More or less. So, yes, one of them “eatin’ pigeons”. And, yes, they’re supposed to be served medium-rare.
All in all, a very good dish – but the Kentucky Fried Sweetbreads are a tough act to follow.
Palate cleanser. This would have been better served following the final course.
Everyone else at the table loved this dish and Akemi declared it her favorite of the night. A very inspired plate that, despite my general disdain for a: light desserts, b: fruit-based desserts, and c: deconstructed desserts, I was able to appreciate nevertheless. My only quibble was the rose sorbet that proved rock-hard and near impossible to cut. One of my fellow diner’s attempt to split his in half resulted in his sorbet firing off his place to land at my feet. Careful. You’ll shoot your eye out, kid!
If I could, I’d like to make another addition to my disdained dessert list: d) vegetables, in any form, incorporated into a dessert. Seriously. I half-expected the kitchen staff to be secretly watching us, giggling amongst themselves: “Look. Look! He’s actually going to eat it! Damn! I knew we should’ve pushed the apricot pit sorbet.” The eggplant was off-puttingly firm, as if it had been served raw and tossed in sweet syrup. The “liquid rice pudding”, by the way, was actually cauliflower. Worse than I expected.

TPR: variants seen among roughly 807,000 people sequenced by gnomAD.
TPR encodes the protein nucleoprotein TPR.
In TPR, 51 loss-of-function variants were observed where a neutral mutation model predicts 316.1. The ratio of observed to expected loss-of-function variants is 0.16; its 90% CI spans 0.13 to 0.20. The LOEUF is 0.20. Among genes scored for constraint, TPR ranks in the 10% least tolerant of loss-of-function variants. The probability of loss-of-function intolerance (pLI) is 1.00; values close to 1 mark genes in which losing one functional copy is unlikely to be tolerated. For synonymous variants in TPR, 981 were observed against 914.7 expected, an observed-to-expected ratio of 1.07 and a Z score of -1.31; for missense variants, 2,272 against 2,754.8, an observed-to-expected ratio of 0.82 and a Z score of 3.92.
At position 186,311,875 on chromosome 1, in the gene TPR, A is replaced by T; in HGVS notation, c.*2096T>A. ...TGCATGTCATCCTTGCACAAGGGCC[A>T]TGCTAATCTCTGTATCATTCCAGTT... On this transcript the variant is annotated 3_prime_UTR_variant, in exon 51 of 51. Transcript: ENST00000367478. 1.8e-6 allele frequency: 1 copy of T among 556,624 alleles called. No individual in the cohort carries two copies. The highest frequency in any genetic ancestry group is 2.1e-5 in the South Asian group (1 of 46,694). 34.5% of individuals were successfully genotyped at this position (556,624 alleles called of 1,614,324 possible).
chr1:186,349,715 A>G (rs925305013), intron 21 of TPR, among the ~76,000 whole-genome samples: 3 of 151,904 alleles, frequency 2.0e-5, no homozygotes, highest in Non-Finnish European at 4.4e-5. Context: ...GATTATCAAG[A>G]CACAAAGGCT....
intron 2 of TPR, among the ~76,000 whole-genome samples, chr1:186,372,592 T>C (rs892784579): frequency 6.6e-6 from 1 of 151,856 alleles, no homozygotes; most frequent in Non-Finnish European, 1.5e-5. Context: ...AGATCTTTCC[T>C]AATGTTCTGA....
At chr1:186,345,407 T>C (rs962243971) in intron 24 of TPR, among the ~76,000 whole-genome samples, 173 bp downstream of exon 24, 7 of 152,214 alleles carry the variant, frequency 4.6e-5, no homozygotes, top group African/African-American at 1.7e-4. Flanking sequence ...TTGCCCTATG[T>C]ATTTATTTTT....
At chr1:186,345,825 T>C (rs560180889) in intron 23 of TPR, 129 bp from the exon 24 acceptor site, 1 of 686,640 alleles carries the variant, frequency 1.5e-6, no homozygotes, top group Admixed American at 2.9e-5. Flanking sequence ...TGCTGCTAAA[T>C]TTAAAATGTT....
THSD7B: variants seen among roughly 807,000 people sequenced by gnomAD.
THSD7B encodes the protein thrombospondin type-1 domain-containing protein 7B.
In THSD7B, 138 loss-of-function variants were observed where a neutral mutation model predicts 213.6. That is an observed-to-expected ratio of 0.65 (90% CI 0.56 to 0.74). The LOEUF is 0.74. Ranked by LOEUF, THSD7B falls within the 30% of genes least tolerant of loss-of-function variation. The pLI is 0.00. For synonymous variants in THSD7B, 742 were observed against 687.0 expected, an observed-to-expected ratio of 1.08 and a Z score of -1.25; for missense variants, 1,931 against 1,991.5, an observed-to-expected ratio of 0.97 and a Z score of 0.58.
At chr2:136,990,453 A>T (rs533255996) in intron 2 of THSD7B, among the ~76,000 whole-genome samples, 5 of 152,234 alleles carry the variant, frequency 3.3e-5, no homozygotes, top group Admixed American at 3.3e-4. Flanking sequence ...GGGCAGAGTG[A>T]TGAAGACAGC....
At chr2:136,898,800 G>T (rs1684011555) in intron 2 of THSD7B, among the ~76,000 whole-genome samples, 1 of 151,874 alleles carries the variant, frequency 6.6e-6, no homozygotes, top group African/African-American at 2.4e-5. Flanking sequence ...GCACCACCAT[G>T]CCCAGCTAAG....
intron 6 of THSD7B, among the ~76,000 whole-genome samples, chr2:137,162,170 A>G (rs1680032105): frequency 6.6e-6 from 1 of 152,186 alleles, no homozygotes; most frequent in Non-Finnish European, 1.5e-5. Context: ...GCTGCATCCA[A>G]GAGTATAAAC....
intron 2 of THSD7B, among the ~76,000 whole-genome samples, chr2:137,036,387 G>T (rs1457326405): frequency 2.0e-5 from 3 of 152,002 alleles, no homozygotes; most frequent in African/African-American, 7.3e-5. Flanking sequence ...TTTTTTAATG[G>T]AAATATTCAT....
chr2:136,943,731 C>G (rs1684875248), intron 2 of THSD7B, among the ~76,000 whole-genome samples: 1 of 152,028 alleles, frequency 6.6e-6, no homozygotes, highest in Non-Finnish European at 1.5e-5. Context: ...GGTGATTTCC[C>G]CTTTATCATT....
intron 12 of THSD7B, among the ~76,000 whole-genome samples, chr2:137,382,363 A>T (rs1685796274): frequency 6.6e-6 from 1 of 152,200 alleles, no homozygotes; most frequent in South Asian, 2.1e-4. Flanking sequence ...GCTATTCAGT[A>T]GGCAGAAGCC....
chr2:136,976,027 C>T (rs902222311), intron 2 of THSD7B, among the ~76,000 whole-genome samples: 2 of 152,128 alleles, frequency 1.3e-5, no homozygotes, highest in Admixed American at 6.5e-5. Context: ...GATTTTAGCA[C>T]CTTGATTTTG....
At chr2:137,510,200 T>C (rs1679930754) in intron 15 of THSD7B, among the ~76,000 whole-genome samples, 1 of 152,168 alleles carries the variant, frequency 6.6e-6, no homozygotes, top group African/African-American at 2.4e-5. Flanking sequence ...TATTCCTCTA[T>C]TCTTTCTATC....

Continuing our Stargate: Atlantis rewatch with…Childhood’s End!
With the exception of those annoyingly precocious kids (with their – ugh – chocolate-smeared faces), I enjoyed this one on rewatch. And Akemi seemed fairly caught up in the story although, in hindsight, I wonder if it was less a case of her enjoying the episode as it was her trying to figure out what the heck was going on.
Surprisingly, she had little to say about Childhood’s End. On the one hand, she didn’t like Aries who struck her as exceptionally angry (and wore a “stupid hat”); on the other hand, she did like the fact the kids enjoyed chocolate (kindred spirits?). And her appreciation for McKay continues to grow: “McKay was funny. I like him more.”
Overall, she thought it okay although: “Hard to understand the concept thought.”